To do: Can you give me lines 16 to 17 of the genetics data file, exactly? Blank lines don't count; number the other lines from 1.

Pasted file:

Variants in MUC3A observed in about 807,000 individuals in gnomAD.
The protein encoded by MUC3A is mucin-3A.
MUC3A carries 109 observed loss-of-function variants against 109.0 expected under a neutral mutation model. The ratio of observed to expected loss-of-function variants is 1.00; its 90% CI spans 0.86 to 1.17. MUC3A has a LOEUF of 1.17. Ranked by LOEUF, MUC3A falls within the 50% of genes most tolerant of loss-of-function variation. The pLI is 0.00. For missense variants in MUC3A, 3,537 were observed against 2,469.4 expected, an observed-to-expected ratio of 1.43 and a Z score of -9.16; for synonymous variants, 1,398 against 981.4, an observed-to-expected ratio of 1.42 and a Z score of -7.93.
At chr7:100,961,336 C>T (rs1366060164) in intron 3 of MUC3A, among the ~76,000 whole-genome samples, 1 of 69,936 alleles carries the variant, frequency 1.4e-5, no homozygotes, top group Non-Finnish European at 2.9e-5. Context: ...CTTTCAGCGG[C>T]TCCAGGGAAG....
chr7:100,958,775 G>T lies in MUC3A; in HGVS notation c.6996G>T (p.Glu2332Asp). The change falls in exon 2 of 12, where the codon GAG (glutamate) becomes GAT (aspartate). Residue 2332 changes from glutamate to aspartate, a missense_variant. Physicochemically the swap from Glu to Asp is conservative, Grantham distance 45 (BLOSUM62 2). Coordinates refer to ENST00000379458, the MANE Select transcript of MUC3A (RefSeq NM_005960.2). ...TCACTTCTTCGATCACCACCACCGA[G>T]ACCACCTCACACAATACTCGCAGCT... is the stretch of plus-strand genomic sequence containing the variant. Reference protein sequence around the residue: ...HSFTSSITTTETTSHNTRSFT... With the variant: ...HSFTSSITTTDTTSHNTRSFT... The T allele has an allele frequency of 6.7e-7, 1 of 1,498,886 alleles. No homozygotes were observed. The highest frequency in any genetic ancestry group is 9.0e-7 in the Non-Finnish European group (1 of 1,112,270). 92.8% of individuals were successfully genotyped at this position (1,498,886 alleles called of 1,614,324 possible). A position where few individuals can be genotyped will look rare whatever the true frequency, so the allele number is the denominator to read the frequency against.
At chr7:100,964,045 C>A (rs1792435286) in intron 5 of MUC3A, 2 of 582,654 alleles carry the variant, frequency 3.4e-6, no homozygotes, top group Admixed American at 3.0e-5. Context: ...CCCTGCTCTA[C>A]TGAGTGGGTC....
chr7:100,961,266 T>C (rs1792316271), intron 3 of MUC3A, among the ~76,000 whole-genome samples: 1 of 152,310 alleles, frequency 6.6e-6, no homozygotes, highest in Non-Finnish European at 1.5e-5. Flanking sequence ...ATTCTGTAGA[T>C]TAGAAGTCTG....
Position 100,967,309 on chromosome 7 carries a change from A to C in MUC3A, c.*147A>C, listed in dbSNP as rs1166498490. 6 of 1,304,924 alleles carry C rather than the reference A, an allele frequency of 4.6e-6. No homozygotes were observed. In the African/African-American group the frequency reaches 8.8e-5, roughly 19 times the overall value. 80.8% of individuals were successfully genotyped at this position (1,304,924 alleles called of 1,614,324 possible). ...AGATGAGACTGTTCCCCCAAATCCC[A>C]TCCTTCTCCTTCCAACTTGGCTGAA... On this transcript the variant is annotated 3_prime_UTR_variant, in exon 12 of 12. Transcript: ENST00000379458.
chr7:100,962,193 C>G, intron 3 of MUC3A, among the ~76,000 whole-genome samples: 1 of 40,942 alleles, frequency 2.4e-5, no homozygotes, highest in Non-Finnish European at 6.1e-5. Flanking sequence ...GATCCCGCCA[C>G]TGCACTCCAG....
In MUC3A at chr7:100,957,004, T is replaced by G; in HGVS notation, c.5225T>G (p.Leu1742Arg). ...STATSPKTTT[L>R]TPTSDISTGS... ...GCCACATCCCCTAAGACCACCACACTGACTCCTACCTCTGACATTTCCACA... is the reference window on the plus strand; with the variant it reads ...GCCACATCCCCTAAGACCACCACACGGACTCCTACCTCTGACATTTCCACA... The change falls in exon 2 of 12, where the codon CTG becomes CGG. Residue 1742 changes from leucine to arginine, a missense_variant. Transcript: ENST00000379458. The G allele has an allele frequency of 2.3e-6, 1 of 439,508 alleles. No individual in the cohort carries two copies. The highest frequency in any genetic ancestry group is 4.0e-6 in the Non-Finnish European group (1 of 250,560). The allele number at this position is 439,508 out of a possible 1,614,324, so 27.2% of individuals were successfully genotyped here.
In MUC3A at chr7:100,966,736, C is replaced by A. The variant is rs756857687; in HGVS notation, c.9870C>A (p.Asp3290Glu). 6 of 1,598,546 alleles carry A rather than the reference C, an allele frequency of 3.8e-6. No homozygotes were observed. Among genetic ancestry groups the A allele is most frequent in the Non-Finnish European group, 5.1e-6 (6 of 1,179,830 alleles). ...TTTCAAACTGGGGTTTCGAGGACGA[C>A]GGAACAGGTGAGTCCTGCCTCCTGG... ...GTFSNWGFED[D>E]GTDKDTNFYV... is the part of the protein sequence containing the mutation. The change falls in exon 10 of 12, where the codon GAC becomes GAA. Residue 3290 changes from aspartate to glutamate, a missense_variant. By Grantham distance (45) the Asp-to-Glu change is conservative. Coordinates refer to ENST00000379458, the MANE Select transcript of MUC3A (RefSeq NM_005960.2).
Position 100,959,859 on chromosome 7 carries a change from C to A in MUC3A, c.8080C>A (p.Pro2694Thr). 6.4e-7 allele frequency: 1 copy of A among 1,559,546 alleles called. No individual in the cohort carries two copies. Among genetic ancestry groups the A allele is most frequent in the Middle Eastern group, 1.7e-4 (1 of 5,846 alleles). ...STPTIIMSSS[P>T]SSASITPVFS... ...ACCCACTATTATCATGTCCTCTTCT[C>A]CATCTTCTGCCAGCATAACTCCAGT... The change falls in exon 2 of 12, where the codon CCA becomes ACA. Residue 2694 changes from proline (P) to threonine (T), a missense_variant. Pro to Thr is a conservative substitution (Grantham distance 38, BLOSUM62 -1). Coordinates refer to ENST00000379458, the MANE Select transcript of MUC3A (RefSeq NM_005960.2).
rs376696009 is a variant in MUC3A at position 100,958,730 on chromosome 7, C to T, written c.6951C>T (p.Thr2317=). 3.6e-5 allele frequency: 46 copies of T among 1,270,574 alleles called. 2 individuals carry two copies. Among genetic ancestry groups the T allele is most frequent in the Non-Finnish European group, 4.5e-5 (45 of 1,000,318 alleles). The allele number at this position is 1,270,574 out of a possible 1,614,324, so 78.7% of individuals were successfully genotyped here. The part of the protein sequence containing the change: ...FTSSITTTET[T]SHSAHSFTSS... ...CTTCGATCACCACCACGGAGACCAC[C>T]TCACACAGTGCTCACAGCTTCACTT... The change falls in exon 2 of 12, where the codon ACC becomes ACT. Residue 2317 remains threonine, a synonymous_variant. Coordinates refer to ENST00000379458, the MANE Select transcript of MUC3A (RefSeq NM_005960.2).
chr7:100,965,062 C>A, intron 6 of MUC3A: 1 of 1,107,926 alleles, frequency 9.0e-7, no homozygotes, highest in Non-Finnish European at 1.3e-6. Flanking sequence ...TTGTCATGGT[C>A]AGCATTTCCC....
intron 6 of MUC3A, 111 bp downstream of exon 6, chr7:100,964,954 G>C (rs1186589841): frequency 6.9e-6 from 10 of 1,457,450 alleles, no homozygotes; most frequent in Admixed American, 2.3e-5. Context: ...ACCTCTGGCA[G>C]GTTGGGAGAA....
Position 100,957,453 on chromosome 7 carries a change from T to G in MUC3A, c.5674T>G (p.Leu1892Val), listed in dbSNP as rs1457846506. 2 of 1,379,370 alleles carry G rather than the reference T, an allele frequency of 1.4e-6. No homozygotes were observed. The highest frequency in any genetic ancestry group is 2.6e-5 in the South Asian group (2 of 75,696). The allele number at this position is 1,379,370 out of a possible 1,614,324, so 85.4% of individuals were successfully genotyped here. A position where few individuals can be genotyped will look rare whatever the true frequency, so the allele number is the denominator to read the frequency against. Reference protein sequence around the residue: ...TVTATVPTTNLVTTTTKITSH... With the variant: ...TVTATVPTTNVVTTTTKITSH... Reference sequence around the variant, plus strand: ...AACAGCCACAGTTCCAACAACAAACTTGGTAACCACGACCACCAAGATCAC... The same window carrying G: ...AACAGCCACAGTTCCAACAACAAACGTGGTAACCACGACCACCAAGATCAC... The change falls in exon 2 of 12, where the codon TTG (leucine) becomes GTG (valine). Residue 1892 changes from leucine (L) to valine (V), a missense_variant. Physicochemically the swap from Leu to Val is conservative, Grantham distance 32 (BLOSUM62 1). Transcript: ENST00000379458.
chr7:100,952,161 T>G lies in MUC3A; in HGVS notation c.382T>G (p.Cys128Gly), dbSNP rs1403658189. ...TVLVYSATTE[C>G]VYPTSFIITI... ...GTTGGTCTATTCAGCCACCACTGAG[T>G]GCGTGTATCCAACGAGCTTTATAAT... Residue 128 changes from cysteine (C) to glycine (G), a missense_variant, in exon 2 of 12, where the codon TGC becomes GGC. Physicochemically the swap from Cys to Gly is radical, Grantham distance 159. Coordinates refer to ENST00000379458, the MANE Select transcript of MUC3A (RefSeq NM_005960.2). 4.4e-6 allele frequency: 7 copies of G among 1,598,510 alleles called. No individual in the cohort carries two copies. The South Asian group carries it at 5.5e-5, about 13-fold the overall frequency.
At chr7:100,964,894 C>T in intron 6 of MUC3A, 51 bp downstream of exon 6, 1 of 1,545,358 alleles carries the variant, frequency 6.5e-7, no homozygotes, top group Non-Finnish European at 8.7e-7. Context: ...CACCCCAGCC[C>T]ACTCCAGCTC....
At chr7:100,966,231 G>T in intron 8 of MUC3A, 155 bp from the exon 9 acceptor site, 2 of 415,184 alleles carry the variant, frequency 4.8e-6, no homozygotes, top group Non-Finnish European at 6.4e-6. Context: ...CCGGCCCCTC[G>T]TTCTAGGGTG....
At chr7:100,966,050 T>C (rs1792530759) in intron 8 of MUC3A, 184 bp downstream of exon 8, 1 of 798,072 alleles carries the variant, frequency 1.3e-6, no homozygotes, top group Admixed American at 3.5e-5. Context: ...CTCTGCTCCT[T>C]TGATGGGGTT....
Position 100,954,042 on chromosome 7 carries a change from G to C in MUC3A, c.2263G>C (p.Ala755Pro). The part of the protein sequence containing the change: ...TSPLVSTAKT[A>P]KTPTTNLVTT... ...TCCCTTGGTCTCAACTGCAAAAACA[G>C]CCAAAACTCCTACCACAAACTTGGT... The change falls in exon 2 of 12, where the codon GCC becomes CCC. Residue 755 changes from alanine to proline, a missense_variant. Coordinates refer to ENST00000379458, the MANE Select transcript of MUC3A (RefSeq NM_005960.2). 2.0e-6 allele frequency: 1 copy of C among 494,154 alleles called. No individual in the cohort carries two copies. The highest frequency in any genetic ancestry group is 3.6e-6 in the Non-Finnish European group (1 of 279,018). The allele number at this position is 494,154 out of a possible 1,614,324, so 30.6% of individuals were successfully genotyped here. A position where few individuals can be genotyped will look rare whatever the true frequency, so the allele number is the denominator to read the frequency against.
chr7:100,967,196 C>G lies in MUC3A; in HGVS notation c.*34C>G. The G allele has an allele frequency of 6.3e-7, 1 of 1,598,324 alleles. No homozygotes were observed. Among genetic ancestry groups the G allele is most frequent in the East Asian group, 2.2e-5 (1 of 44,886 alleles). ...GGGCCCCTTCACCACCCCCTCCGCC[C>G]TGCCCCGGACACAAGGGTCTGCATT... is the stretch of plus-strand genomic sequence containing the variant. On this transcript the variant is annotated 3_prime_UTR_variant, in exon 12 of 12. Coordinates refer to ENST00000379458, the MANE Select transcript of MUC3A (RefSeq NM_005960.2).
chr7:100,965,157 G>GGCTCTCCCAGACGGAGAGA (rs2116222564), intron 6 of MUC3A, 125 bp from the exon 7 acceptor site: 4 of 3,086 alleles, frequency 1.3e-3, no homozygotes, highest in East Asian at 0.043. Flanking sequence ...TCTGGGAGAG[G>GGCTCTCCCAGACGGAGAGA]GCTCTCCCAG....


Position 100,957,453 on chromosome 7 carries a change from T to G in MUC3A, c.5674T>G (p.Leu1892Val), listed in dbSNP as rs1457846506. 2 of 1,379,370 alleles carry G rather than the reference T, an allele frequency of 1.4e-6. No homozygotes were observed. The highest frequency in any genetic ancestry group is 2.6e-5 in the South Asian group (2 of 75,696). The allele number at this position is 1,379,370 out of a possible 1,614,324, so 85.4% of individuals were successfully genotyped here. A position where few individuals can be genotyped will look rare whatever the true frequency, so the allele number is the denominator to read the frequency against. Reference protein sequence around the residue: ...TVTATVPTTNLVTTTTKITSH... With the variant: ...TVTATVPTTNVVTTTTKITSH... Reference sequence around the variant, plus strand: ...AACAGCCACAGTTCCAACAACAAACTTGGTAACCACGACCACCAAGATCAC... The same window carrying G: ...AACAGCCACAGTTCCAACAACAAACGTGGTAACCACGACCACCAAGATCAC... The change falls in exon 2 of 12, where the codon TTG (leucine) becomes GTG (valine). Residue 1892 changes from leucine (L) to valine (V), a missense_variant. Physicochemically the swap from Leu to Val is conservative, Grantham distance 32 (BLOSUM62 1). Transcript: ENST00000379458.
chr7:100,952,161 T>G lies in MUC3A; in HGVS notation c.382T>G (p.Cys128Gly), dbSNP rs1403658189. ...TVLVYSATTE[C>G]VYPTSFIITI... ...GTTGGTCTATTCAGCCACCACTGAG[T>G]GCGTGTATCCAACGAGCTTTATAAT... Residue 128 changes from cysteine (C) to glycine (G), a missense_variant, in exon 2 of 12, where the codon TGC becomes GGC. Physicochemically the swap from Cys to Gly is radical, Grantham distance 159. Coordinates refer to ENST00000379458, the MANE Select transcript of MUC3A (RefSeq NM_005960.2). 4.4e-6 allele frequency: 7 copies of G among 1,598,510 alleles called. No individual in the cohort carries two copies. The South Asian group carries it at 5.5e-5, about 13-fold the overall frequency.